Growing number of conservative local leaders want Medicaid expanded in NC

Posted January 16, 2020 7:22 p.m. EST

— Medicaid expansion is a hyper-partisan political issue in the General Assembly, where it's the major sticking point in the continuing budget standoff between Democratic Gov. Roy Cooper and Republican legislative leaders.

But that's not the case across much of North Carolina, including a growing number of conservative counties.

A bipartisan group called Care4Carolina is gathering support for expansion, sometimes in the backyards of Republican lawmakers who oppose the idea.

"We believe we have a responsibility to look after our citizens. It’s a human being thing to us, not a political thing," said Graham County Commissioner Dale Wiggins.

Graham County, in the mountains of western North Carolina, is among the state's most conservative areas – about 80 percent of voters backed Donald Trump in the 2016 presidential election – yet the county commissioners unanimously support Medicaid expansion.

Wiggins and County Manager Becky Garland drove six hours to Raleigh on Wednesday to talk to lawmakers about the need for expansion. Garland said officials are worried they could lose their regional hospitals.

"As folks are having to avail themselves of the ER as their primary care, that is pushing the costs to these rural hospitals up, and they cannot sustain the costs of taking care of these folks," she said.

McDowell County is similarly conservative, but its chamber of commerce also supports Medicaid expansion.

"If you’re a working person and you’re paying your taxes and doing the right thing and you’re still being punished, so to speak, because you can’t afford health care, something's wrong with the system," chamber director Steve Bush said. "I challenge our leaders to do the right thing."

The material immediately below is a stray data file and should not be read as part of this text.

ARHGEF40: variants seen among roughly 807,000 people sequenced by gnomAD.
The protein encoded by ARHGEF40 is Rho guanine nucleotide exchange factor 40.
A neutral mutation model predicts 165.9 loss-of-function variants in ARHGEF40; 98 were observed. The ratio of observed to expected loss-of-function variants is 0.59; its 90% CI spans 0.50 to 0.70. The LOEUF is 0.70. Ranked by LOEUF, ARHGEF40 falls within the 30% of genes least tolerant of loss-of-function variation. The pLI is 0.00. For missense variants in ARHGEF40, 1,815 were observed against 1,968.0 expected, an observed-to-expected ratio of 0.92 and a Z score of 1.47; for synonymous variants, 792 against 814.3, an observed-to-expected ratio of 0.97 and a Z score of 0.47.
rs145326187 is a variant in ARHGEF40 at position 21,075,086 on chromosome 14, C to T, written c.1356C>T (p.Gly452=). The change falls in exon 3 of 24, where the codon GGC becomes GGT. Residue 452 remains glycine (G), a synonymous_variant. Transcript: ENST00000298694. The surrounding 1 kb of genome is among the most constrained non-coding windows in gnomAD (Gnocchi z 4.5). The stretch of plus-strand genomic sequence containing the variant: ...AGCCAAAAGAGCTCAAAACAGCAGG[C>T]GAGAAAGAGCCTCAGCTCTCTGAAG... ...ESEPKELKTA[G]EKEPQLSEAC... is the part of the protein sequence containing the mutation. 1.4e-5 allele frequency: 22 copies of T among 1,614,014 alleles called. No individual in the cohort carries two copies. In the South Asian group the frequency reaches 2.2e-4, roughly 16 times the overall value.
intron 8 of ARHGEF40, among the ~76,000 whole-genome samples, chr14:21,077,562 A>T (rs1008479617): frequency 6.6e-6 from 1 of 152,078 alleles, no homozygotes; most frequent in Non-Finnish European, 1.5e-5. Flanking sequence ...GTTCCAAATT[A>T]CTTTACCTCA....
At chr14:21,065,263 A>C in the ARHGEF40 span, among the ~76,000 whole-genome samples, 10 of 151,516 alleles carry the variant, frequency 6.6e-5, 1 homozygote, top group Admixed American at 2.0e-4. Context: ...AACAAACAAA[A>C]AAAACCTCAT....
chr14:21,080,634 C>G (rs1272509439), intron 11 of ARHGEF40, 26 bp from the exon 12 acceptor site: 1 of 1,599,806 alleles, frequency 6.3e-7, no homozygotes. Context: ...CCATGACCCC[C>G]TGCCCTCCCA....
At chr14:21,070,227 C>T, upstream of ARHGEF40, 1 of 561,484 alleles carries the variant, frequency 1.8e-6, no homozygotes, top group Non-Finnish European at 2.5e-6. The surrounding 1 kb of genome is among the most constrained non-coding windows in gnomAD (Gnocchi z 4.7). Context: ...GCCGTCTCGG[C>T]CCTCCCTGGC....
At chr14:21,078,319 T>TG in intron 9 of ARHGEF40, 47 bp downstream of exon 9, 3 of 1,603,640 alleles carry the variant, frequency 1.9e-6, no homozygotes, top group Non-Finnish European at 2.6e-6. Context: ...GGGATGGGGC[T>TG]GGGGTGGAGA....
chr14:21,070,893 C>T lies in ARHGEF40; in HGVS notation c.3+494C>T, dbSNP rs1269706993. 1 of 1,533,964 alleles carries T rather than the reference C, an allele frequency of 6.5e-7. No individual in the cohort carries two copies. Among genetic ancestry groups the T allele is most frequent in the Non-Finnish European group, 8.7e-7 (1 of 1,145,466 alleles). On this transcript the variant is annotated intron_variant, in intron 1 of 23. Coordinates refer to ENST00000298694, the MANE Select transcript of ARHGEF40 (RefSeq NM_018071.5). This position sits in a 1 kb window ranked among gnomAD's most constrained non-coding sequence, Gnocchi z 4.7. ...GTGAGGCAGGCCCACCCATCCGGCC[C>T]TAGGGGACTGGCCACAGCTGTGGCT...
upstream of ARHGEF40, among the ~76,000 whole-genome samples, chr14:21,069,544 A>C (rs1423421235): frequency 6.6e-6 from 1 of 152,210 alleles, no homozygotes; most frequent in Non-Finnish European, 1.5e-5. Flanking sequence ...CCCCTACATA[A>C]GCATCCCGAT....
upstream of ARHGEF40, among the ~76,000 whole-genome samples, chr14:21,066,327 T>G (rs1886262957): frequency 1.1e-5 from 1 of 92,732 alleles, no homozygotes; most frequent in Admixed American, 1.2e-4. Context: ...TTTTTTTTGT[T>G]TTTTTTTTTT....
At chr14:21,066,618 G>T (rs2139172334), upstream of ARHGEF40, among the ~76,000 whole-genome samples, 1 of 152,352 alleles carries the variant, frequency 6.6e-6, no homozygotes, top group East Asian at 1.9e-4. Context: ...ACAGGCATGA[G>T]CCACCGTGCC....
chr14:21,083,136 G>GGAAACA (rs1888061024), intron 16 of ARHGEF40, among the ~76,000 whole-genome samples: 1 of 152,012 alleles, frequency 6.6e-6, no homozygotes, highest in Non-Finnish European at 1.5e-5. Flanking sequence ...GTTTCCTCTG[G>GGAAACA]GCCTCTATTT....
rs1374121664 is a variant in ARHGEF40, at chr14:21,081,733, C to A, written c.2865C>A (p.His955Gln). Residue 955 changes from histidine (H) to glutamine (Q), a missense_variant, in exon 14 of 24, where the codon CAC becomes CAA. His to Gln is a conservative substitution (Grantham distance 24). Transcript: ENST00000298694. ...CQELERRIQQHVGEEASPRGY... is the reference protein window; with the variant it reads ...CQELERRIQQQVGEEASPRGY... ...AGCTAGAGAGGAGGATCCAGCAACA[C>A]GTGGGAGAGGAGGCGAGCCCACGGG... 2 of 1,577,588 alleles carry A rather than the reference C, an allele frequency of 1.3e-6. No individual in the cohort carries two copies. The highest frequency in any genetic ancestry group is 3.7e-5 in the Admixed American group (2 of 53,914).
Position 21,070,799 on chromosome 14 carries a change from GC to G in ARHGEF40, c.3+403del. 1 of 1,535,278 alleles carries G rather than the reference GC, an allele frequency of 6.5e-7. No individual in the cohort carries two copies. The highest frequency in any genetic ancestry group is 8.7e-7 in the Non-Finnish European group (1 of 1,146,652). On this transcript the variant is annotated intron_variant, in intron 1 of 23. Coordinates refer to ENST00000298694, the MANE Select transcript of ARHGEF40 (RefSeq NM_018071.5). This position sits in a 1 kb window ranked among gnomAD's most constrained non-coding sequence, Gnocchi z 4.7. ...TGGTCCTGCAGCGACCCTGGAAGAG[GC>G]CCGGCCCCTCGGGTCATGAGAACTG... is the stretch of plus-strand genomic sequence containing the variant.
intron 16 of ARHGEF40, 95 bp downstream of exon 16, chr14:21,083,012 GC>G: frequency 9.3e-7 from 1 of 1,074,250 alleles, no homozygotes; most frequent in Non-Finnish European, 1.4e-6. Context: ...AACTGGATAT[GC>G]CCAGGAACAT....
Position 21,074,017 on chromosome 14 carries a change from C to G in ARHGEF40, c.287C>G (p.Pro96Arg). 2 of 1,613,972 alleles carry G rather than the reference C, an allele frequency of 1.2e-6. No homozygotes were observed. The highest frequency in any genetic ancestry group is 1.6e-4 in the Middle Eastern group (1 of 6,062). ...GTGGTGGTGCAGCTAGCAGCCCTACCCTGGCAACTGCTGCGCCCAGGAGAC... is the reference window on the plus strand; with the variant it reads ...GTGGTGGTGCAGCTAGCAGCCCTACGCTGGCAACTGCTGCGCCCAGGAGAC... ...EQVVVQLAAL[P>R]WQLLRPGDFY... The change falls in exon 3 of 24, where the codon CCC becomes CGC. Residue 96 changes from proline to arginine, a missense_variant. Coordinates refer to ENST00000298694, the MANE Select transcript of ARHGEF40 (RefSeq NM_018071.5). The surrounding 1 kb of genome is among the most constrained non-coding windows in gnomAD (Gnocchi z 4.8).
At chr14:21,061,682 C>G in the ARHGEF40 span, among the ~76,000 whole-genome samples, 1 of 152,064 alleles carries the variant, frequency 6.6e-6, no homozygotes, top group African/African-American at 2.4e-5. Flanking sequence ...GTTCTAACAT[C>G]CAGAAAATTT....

They and other Medicaid expansion proponents expressed frustration at the legislative inaction. Lawmakers didn't bother to address any health care proposals in their one-day session this week, and they aren't scheduled to return to Raleigh until the end of April.

A bill in the House to cover 300,000 low-income working adults through the Affordable Care Act has been idling since September, when a committee approved it overwhelmingly.

Senate President Pro Tem Phil Berger said on Tuesday that, even if that proposal makes it through the House, it doesn't have enough support to pass his chamber.

Erica Palmer Smith, director of Care4Carolina, said she believes that could change in the near future.

"It's hard for legislators to ignore the business support in their communities, the civic support in their communities, the health provider support in their communities," Smith said. "We are confident that, as we continue to build that support, it will become more difficult to ignore, and our leaders will step up."

"This is very vital to the citizens of Alamance County," said Sheriff Terry Johnson, another Republican, who notes that expansion could provide a way to address mental health problems that lead to crime and addiction in his community.

"Let’s deal with those issues, and we’re going to save money down the road – your incarceration, your courts, your crimes, murders, robberies, et cetera," Johnson said.

Kansas became the 37th state to expand Medicaid when the Democratic governor and the Republican state senate leader reached a deal this week. Most of the 13 that haven't are, like North Carolina, in the South.

Berger said Kansas' decision doesn't add pressure to accept expansion, which he considers the wrong path toward improving health care access.

“The only people that have asked me about Kansas have been members of the press,” Berger said.

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